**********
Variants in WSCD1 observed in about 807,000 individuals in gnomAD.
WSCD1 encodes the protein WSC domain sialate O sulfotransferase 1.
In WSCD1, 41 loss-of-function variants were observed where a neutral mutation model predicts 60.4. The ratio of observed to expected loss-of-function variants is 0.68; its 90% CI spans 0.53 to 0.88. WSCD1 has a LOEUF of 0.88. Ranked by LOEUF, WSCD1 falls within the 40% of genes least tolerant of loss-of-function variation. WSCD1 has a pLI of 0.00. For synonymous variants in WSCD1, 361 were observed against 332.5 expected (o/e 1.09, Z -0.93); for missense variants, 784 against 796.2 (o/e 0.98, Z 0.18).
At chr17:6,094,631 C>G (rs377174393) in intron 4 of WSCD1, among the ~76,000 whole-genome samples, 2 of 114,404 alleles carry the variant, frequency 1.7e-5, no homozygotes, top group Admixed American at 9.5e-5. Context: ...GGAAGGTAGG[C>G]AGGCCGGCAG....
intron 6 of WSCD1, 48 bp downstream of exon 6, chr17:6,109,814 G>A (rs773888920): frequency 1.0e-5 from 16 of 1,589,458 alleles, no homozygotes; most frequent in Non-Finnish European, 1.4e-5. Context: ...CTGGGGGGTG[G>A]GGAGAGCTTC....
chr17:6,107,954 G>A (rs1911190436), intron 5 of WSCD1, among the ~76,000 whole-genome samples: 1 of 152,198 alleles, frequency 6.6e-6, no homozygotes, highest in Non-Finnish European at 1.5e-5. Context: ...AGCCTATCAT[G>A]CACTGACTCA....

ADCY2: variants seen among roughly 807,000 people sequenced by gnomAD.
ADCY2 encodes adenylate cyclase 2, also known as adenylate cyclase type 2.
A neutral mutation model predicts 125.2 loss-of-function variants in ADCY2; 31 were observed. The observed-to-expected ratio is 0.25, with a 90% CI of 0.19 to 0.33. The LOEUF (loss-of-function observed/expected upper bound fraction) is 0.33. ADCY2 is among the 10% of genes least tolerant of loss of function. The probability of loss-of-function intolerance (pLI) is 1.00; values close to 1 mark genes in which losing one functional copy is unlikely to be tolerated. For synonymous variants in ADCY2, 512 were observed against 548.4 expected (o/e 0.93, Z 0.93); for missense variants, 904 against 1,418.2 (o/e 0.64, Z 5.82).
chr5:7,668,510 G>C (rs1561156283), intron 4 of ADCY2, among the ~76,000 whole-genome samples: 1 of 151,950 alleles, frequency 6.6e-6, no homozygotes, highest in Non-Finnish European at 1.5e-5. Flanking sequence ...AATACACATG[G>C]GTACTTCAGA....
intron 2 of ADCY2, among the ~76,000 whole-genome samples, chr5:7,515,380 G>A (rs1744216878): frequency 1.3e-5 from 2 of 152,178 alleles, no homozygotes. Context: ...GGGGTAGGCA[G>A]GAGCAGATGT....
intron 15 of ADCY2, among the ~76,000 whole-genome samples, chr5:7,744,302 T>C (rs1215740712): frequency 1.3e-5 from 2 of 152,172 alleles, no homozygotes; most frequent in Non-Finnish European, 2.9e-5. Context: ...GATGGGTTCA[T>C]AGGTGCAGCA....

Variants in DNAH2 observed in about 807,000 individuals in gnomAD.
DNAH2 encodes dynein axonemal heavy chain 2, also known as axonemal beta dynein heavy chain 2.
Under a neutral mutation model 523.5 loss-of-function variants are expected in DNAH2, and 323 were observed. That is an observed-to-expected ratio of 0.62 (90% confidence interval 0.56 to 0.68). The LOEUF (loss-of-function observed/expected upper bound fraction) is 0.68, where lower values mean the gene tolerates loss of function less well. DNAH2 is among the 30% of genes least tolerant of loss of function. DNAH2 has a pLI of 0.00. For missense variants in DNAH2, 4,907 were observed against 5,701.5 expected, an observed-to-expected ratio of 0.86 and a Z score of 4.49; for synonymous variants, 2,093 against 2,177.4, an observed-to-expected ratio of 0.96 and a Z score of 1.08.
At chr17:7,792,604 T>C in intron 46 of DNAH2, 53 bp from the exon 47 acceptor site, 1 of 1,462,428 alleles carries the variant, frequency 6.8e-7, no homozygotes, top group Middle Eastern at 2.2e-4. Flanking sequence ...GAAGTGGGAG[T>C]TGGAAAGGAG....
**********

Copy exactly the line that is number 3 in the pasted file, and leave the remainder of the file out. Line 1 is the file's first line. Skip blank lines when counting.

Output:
In WSCD1, 41 loss-of-function variants were observed where a neutral mutation model predicts 60.4. The ratio of observed to expected loss-of-function variants is 0.68; its 90% CI spans 0.53 to 0.88. WSCD1 has a LOEUF of 0.88. Ranked by LOEUF, WSCD1 falls within the 40% of genes least tolerant of loss-of-function variation. WSCD1 has a pLI of 0.00. For synonymous variants in WSCD1, 361 were observed against 332.5 expected (o/e 1.09, Z -0.93); for missense variants, 784 against 796.2 (o/e 0.98, Z 0.18).